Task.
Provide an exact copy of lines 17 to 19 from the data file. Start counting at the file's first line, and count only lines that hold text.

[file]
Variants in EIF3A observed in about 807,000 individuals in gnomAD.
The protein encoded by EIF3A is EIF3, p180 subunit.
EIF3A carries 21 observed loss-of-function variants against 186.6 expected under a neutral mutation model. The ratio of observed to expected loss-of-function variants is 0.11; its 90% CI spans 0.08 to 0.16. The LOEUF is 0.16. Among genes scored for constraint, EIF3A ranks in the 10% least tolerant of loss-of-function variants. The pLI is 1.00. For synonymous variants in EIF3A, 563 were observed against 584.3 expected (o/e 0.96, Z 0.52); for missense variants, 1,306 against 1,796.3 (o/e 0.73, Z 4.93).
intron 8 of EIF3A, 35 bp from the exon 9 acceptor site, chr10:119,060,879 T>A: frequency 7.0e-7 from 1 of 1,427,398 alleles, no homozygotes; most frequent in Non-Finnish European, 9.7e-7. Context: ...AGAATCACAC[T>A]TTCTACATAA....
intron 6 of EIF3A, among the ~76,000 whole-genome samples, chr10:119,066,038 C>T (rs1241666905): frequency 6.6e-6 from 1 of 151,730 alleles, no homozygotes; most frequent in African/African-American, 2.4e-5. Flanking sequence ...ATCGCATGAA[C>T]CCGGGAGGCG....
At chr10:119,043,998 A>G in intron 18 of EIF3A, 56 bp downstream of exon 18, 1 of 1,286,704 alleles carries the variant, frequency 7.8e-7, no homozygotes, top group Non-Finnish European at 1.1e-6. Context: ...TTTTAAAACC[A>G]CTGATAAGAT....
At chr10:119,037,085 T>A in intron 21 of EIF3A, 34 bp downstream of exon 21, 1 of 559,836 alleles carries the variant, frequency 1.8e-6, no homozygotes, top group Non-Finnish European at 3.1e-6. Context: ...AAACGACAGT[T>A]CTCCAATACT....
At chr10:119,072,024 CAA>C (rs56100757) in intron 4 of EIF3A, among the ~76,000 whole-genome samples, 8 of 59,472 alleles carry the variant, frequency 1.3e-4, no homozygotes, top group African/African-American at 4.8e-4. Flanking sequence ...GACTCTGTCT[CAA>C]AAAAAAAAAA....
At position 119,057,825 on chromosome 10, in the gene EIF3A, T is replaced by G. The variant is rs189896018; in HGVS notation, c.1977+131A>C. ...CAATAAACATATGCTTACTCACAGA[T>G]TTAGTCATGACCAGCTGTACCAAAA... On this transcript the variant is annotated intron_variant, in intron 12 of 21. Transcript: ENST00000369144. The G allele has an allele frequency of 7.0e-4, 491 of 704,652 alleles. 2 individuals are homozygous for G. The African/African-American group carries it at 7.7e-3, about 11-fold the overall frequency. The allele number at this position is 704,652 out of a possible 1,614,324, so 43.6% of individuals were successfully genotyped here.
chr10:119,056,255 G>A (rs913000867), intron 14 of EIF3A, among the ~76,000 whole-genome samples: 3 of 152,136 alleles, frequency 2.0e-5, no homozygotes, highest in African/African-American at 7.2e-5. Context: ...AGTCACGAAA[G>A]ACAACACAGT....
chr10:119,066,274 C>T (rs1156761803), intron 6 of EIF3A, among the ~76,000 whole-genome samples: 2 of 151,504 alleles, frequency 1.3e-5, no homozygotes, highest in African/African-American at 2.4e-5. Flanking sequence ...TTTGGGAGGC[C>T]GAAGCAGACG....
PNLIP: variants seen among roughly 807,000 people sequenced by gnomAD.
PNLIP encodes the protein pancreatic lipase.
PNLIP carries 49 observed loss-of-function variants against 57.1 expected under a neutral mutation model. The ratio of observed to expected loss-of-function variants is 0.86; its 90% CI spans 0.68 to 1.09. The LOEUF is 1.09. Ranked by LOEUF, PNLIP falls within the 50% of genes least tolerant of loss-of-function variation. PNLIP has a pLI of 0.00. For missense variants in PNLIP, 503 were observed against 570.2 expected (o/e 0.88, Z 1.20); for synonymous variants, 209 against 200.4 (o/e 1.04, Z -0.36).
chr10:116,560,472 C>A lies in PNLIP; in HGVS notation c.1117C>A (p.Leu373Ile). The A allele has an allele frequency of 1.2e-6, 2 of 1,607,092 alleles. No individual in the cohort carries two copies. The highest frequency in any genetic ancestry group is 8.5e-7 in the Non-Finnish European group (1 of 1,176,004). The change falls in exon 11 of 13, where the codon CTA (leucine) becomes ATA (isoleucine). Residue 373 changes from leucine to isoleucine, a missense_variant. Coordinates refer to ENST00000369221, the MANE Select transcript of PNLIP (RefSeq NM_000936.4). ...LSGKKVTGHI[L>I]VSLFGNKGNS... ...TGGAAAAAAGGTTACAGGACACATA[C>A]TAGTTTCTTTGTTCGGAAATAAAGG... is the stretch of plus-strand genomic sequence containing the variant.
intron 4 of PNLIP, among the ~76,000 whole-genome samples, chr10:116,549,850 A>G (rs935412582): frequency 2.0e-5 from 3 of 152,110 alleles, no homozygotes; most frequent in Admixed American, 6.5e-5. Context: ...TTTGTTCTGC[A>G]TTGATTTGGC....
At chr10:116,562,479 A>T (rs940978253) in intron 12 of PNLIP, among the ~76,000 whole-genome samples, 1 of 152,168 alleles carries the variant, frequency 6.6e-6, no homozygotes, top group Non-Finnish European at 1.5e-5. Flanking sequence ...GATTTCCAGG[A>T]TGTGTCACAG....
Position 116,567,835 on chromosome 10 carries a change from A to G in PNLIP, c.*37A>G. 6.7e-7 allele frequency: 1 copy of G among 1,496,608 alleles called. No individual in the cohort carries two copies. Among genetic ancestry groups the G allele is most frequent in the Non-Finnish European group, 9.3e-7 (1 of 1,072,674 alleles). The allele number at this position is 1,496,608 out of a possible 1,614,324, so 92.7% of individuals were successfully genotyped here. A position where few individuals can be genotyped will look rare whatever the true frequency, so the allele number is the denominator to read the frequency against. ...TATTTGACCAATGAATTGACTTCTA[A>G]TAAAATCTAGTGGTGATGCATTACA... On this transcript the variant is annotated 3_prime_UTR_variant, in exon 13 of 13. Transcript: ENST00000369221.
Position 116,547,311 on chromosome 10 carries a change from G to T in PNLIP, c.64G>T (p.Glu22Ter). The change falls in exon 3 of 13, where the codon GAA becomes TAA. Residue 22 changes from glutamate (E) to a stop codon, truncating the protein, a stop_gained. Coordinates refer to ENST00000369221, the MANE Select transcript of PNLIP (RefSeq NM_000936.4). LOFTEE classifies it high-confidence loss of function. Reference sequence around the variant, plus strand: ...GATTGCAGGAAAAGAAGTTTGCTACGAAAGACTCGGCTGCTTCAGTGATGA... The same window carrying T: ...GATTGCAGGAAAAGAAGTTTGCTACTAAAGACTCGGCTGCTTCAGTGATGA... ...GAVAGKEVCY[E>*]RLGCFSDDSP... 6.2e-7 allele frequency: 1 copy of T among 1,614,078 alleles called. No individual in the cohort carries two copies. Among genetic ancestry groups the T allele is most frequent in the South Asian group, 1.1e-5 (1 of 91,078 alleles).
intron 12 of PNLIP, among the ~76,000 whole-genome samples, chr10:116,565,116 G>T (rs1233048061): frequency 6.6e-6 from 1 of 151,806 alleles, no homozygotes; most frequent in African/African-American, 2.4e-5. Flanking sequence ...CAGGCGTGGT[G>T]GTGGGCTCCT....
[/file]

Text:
At chr10:116,562,479 A>T (rs940978253) in intron 12 of PNLIP, among the ~76,000 whole-genome samples, 1 of 152,168 alleles carries the variant, frequency 6.6e-6, no homozygotes, top group Non-Finnish European at 1.5e-5. Flanking sequence ...GATTTCCAGG[A>T]TGTGTCACAG....
Position 116,567,835 on chromosome 10 carries a change from A to G in PNLIP, c.*37A>G. 6.7e-7 allele frequency: 1 copy of G among 1,496,608 alleles called. No individual in the cohort carries two copies. Among genetic ancestry groups the G allele is most frequent in the Non-Finnish European group, 9.3e-7 (1 of 1,072,674 alleles). The allele number at this position is 1,496,608 out of a possible 1,614,324, so 92.7% of individuals were successfully genotyped here. A position where few individuals can be genotyped will look rare whatever the true frequency, so the allele number is the denominator to read the frequency against. ...TATTTGACCAATGAATTGACTTCTA[A>G]TAAAATCTAGTGGTGATGCATTACA... On this transcript the variant is annotated 3_prime_UTR_variant, in exon 13 of 13. Transcript: ENST00000369221.
Position 116,547,311 on chromosome 10 carries a change from G to T in PNLIP, c.64G>T (p.Glu22Ter). The change falls in exon 3 of 13, where the codon GAA becomes TAA. Residue 22 changes from glutamate (E) to a stop codon, truncating the protein, a stop_gained. Coordinates refer to ENST00000369221, the MANE Select transcript of PNLIP (RefSeq NM_000936.4). LOFTEE classifies it high-confidence loss of function. Reference sequence around the variant, plus strand: ...GATTGCAGGAAAAGAAGTTTGCTACGAAAGACTCGGCTGCTTCAGTGATGA... The same window carrying T: ...GATTGCAGGAAAAGAAGTTTGCTACTAAAGACTCGGCTGCTTCAGTGATGA... ...GAVAGKEVCY[E>*]RLGCFSDDSP... 6.2e-7 allele frequency: 1 copy of T among 1,614,078 alleles called. No individual in the cohort carries two copies. Among genetic ancestry groups the T allele is most frequent in the South Asian group, 1.1e-5 (1 of 91,078 alleles).